By the Cuba Journal staff
As relations between the United States and Cuba continue to show signs of improvement, the U.S. Department of Agriculture has issued a report expressing the potential for mutually beneficial agricultural trade and resultant economic growth.
The report points to the benefits of the resumption of normalized economic relations with Cuba, including “the potential to generate further growth in U.S.-Cuba trade; to foster greater productivity in the Cuban economy; to increase demand for agricultural imports among Cuban consumers, foodservice providers, and food manufacturers; and to allow for the resumption of U.S. agricultural imports from Cuba.”
The two country engaged in high levels of agricultural trade prior to the Cuban Revolution, which experts believe suggests potential for the future of U.S.-Cuba commerce.
In 2000, after decades of strict embargo, the U.S. signed the Trade Sanctions Reform and Export Enhancement Act, which authorized the export of certain food and medicines to Cuba, but remain prohibitive of imports.
President Obama’s December announcement about policy changes with regard to Cuba represent further action progressing to normal trade relations between the countries.
The USDA report suggests that the removal of financing and travel restrictions opens the potential for considerable economic growth – citing models that estimated that, with the absence of the restrictions, U.S. agricultural exports would have increased from $321 million to $500 million in 2006.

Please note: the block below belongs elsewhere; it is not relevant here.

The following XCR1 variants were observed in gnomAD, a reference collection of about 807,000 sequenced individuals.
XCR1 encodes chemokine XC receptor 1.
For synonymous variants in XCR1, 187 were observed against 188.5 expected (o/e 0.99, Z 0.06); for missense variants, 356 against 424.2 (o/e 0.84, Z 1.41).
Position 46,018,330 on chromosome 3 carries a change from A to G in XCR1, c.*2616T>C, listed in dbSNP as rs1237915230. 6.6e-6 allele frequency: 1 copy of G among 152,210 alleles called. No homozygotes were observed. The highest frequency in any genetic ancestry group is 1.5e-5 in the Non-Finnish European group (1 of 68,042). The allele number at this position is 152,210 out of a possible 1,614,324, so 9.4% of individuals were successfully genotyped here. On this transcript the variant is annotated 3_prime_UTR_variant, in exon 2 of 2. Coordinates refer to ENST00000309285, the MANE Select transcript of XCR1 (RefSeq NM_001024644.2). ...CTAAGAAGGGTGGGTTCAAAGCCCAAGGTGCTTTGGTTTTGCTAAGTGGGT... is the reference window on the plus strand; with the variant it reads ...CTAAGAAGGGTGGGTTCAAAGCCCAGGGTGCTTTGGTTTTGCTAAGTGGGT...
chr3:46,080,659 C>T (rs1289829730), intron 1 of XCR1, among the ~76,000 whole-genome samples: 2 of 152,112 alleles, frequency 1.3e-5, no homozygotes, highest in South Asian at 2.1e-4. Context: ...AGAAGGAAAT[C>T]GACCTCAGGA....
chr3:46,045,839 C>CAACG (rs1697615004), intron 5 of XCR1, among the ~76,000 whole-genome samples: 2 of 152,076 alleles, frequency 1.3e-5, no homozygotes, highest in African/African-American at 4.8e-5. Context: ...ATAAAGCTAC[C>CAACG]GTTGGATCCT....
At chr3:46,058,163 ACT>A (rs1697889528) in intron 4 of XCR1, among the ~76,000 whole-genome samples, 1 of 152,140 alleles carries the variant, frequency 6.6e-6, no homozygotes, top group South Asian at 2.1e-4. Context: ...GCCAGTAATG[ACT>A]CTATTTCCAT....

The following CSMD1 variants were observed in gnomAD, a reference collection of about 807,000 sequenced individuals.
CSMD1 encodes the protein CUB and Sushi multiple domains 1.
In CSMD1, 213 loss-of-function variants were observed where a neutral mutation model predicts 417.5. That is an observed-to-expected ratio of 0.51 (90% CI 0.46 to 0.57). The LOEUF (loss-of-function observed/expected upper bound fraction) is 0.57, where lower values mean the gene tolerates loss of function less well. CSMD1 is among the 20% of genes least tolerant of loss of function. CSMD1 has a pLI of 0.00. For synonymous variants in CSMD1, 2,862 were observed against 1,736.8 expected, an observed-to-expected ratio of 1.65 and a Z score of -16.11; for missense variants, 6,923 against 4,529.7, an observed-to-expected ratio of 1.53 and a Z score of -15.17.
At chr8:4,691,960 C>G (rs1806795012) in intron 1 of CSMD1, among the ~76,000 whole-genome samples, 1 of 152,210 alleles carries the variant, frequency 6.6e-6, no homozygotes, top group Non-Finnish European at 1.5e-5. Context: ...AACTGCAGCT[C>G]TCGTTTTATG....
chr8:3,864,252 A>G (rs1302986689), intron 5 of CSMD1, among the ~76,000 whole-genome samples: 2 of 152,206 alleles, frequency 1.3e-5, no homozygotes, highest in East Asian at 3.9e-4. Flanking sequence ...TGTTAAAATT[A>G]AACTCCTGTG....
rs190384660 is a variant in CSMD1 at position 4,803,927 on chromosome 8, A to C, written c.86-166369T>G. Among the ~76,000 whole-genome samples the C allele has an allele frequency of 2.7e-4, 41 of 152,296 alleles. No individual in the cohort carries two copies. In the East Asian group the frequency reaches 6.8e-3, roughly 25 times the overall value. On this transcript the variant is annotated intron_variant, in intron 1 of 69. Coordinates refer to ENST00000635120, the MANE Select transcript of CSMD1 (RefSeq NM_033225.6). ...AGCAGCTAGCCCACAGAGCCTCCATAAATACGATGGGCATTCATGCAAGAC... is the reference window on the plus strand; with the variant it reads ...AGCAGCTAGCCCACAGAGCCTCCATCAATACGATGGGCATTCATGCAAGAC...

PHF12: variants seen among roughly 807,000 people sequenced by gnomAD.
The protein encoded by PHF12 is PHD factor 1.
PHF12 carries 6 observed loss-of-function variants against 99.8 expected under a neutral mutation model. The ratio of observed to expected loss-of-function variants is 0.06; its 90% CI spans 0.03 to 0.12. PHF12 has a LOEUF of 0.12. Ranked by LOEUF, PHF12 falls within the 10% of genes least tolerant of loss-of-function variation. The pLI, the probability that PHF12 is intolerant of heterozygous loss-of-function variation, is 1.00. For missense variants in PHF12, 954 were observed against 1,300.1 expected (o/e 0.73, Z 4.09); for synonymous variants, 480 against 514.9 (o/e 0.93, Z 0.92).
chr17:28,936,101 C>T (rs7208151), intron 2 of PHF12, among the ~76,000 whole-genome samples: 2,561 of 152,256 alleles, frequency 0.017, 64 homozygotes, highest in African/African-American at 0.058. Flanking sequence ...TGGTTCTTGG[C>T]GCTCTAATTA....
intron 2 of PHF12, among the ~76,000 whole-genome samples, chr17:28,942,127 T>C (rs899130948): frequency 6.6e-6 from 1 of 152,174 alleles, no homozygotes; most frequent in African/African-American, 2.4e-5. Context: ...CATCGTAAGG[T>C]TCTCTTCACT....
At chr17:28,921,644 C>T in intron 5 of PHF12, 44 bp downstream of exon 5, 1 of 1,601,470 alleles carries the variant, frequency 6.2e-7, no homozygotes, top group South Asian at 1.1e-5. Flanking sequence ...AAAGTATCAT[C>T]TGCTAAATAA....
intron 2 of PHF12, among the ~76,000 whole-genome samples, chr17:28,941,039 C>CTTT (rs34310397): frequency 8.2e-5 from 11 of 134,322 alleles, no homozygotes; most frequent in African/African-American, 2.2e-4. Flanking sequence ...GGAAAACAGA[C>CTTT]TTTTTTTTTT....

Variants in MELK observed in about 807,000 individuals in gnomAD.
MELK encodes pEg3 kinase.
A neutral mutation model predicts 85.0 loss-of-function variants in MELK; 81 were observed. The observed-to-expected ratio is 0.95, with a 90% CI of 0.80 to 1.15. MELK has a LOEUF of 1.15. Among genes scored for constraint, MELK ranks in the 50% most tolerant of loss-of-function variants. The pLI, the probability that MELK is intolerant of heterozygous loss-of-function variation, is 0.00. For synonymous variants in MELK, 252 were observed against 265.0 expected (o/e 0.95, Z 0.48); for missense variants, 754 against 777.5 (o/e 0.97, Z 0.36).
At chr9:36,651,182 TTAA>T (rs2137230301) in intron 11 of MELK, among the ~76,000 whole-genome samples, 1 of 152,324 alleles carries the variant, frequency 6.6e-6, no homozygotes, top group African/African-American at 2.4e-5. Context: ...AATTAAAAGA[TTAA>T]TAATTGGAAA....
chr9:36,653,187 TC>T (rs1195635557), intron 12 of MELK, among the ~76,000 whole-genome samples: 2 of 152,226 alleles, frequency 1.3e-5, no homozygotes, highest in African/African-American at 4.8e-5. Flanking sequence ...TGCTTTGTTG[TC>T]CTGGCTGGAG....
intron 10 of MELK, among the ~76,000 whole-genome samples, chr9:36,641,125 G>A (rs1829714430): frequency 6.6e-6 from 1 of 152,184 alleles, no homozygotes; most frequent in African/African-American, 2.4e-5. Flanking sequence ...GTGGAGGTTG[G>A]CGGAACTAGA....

The USDA outlines a series of elements that would be necessary to facilitate such growth, starting with the reestablishment of diplomatic relations with Cuba.
Other measures include the relaxation of travel restrictions, further exemptions to the embargo on U.S. exports to Cuba, policy changes to facilitate authorized transactions, providing internet access to more of the Cuban population, and the update of the application of U.S. sanctions on Cuba in third countries.
The report says in its conclusion, “Over the next 15 years, the challenge will be to provide more balances opportunities for U.S.-Cuba agricultural trade and to continue to build U.S. and Cuban confidence in the emerging commercial relationship.